Q4 vs. Q3
Change
Accumulation $32.5 billion
(-7%)
$17 billion
(-3%)
$11.9 billion
(-8%)
$42.1 billion
(+4.93%)
+254%
Delinquency Rate* 2.78%
(-13.87%)
2.41%
(-13.62%)
2.47%
(-13.02%)
2.45%
(-11.87%)
-0.81%
Charge-Off Rate* 4.29%
(-11.89%)
3.62%
(-12.77%)
3.19%
(-14.71%)
3.15%
(-16.6%)
-1.25%

*Not seasonally adjusted

Unemployment

 

Q1 2013
(vs. last yr)
Q2 2013
(vs. last yr)
Q3 2013
(vs. last yr)
Q4 2013
(vs. last yr)
Q4 vs. Q3
Change
Unemployment Rate 7.80%
(-10.30%)
7.60%
(-7.30%)
7.20%
(-7.70%)
6.70%
(N/A)
-0.50%

 

Delinquency, Charge-Off, & Unemployment Rates

Popular Consumer Complaints (Percentage of All Complaints Filed)

 

Q1 2013
(vs. last yr)
Q2 2013
(vs. last yr)
Q3 2013
(vs. last yr)
Q4 2013
(vs. last yr)
Q4 vs. Q3
Change
Billing 22.4%
(N/A)
24.22%
(-4.55%)
24.19%
(+18.31%)
23.69%
(+18.08%)
-2.09%
APR or Interest Rate 6.6%
(N/A)
6.45%
(-51.6%)
5.97%
(-52.98%)
6.00%
(-41.50%)
+0.38%
Identity theft / Fraud / Embezzlement 6.0%
(N/A)
7.44%
(-6.61%)
7.31%
(-5.96%)
8.85%
(+82.23%)
+21.01%
Closing/Cancelling Account 6.1%
(N/A)
7.22%
(+25.80%)
7.90%
(+10.16%)
7.08%
(+12.20%)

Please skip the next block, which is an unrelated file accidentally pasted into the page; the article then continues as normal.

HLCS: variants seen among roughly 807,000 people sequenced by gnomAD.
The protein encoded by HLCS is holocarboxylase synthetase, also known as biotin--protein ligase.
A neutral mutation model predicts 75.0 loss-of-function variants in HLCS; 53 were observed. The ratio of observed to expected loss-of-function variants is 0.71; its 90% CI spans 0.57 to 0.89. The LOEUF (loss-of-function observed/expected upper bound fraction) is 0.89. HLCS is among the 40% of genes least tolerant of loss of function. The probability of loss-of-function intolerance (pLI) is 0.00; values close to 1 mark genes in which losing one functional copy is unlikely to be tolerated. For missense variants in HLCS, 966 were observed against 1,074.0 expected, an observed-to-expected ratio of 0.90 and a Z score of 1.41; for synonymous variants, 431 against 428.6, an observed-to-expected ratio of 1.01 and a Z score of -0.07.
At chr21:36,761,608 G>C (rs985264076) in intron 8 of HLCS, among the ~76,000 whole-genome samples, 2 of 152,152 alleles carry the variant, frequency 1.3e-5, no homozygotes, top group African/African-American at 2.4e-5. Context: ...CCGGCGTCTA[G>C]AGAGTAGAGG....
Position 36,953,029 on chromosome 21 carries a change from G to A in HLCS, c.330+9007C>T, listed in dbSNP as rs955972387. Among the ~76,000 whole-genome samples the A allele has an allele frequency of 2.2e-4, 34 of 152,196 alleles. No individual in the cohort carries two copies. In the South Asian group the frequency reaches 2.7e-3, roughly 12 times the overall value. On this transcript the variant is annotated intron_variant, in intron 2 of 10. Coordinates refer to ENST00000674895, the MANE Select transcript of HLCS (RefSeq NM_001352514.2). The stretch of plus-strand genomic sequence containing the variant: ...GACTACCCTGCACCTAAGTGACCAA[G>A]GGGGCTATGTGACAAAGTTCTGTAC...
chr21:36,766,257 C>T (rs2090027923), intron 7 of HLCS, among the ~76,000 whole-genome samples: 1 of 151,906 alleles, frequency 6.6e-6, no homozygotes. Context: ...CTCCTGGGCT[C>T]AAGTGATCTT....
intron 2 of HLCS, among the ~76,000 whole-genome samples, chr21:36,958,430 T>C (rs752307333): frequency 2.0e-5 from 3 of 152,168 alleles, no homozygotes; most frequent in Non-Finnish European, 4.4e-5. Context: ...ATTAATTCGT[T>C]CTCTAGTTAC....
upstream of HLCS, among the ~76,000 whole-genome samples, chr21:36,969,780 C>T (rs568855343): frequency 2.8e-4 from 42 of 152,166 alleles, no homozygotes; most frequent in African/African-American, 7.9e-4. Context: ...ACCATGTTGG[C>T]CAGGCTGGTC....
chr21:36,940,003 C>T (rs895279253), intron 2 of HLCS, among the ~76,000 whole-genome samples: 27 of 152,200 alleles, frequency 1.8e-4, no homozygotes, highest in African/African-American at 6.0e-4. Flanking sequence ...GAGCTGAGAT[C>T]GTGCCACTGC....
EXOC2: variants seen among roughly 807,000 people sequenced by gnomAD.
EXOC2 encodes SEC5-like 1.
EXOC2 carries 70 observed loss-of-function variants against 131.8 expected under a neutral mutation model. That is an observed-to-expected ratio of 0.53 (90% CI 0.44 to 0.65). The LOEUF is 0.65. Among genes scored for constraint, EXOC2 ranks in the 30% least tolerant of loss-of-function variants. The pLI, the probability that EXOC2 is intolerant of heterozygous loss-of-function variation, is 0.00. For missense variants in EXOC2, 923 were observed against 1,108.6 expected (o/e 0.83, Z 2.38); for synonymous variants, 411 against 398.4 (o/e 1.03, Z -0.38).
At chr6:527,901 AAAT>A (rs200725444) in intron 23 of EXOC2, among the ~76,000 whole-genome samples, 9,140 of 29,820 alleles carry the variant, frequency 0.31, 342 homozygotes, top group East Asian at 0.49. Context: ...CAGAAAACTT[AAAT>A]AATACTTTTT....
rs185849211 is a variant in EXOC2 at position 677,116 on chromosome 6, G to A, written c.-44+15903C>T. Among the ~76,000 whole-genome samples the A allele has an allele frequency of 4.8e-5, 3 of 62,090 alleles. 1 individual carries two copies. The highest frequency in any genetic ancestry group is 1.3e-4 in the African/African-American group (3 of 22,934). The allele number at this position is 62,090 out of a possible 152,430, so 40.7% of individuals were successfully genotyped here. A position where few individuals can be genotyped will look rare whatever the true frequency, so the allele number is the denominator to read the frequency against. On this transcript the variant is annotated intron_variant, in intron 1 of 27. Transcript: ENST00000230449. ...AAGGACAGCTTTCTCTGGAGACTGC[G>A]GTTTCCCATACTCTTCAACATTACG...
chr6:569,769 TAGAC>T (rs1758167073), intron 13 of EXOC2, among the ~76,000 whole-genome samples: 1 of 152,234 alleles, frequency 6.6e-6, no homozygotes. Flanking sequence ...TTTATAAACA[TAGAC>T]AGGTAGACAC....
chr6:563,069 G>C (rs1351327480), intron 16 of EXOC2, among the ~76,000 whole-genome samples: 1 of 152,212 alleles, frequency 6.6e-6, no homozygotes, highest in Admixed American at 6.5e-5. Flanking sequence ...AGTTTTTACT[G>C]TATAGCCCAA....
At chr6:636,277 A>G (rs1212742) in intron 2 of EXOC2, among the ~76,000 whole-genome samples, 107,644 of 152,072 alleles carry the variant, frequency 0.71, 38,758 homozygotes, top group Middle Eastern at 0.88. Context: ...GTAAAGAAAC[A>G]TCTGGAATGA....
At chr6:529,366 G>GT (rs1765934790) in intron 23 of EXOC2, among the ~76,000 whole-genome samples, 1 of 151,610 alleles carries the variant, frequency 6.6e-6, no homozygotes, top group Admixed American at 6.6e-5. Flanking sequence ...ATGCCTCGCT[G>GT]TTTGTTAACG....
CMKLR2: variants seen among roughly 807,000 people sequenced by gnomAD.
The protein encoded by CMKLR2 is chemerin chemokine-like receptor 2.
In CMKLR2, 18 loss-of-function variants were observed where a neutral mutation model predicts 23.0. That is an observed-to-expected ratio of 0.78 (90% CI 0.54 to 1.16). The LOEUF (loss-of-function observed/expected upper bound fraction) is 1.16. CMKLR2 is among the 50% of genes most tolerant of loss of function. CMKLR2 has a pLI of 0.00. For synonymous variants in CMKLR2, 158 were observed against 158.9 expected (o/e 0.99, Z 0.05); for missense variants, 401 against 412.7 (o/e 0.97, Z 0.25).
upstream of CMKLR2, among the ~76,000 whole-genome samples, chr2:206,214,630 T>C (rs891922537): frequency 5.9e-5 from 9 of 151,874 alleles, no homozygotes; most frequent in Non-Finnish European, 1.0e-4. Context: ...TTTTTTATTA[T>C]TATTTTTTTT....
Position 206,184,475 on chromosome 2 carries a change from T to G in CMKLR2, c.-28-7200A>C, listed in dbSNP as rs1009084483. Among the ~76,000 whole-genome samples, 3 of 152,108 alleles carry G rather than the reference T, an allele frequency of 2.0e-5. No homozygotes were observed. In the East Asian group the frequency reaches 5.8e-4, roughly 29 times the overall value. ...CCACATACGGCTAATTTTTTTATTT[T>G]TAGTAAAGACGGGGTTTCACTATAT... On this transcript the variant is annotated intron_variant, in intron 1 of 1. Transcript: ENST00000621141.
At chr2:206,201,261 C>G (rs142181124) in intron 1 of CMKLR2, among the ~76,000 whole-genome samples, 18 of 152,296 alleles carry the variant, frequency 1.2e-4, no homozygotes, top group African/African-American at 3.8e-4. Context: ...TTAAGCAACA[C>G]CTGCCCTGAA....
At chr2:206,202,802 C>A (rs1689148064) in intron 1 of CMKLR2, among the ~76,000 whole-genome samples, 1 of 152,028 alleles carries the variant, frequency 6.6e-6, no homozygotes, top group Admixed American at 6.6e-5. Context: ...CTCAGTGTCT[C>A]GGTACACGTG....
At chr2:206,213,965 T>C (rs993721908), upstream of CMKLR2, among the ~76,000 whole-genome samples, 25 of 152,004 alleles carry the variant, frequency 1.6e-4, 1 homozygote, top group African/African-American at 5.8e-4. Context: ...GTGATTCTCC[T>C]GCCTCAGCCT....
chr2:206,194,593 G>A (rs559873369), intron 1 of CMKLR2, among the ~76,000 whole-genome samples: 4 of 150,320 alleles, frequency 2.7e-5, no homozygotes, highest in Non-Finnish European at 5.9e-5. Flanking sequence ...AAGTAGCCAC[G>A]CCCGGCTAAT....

-10.37%
Collection 8.2%
(N/A)
7.93%
(+58.57%)
0.15%
(-97.81%)
0.07%
(-99.03%)
-49.49%
Credit Reporting 9.9%
(N/A)
3.13%
(-48.71%)
0.04%
(-99.44%)
0.04%
(-99.64%)
+1.01%
Credit Card Protection / Debt Protection 3.2%
(N/A)
2.74%
(-49.07%)
2.78%
(-57.49%)
2.92%
(-13.87%)
+5.05%
Credit 5.0%
(N/A)
7.01%
(-14.01%)
6.53%
(+9.77%)
8.58%
(+232.71%)
+31.43%
Payoff Process 3.6%
(N/A)
3.07%
(-27.85%)
2.67%
(-33.31%)
2.36%
(-59.79%)
-11.61%
Fees 7.3%
(N/A)
6.05%
(+133.51%)
8.87%
(+149.28%)
8.55%
(+7.59%)
-3.64%

 

2.92% 8.58% 2.36% 8.55%

Q3 2013 Consumer Credit Card Complaints

Notable 2013 Credit Card Offers

0% Intro Rates:

Other Years’ Reports

 

This report was compiled using data from the 1000+ credit card offers that CardHub.com monitors on a daily basis. For questions or more information regarding this report, please contact our media department.

Previous CardHub’s 2014 Money-Saving Resolutions   Ask the Experts: Should Small Business Owners Seek Venture Capital Financing? Next
POST YOUR COMMENT

Our content is intended for general educational purposes and should not be relied upon as the sole basis for managing your finances. Furthermore, the materials on this website do not constitute legal advice and should not be relied upon as such. If you have any legal questions, please consult an attorney. Please let us know if you have any questions or suggestions.